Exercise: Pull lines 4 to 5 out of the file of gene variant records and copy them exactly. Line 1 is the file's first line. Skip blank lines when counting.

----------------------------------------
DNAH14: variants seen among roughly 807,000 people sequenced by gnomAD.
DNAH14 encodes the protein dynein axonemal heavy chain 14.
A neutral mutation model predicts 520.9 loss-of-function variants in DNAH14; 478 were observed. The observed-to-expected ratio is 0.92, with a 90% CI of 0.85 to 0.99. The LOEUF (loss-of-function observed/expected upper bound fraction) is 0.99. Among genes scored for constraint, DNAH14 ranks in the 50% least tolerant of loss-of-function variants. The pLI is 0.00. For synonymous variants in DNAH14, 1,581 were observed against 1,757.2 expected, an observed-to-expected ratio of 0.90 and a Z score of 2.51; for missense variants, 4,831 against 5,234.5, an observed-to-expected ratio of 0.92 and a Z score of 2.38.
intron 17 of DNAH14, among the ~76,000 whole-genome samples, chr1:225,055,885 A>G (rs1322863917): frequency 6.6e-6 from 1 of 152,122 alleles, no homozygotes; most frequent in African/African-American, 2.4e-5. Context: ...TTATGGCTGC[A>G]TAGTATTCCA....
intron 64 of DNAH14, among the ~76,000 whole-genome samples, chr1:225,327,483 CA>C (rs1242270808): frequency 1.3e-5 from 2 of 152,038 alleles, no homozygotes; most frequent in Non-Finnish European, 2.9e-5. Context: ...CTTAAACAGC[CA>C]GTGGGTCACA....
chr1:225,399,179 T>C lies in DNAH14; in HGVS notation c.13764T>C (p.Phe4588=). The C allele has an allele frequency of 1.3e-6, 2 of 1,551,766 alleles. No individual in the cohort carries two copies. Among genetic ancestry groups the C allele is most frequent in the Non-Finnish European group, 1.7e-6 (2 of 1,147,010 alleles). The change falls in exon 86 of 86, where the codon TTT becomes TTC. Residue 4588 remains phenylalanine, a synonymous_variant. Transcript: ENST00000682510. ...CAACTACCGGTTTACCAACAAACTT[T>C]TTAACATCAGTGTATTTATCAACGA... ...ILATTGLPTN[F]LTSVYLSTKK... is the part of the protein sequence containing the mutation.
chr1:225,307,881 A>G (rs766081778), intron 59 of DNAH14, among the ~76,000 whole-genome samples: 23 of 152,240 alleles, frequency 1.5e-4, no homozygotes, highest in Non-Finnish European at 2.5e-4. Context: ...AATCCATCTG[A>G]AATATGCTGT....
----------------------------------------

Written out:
intron 17 of DNAH14, among the ~76,000 whole-genome samples, chr1:225,055,885 A>G (rs1322863917): frequency 6.6e-6 from 1 of 152,122 alleles, no homozygotes; most frequent in African/African-American, 2.4e-5. Context: ...TTATGGCTGC[A>G]TAGTATTCCA....
intron 64 of DNAH14, among the ~76,000 whole-genome samples, chr1:225,327,483 CA>C (rs1242270808): frequency 1.3e-5 from 2 of 152,038 alleles, no homozygotes; most frequent in Non-Finnish European, 2.9e-5. Context: ...CTTAAACAGC[CA>C]GTGGGTCACA....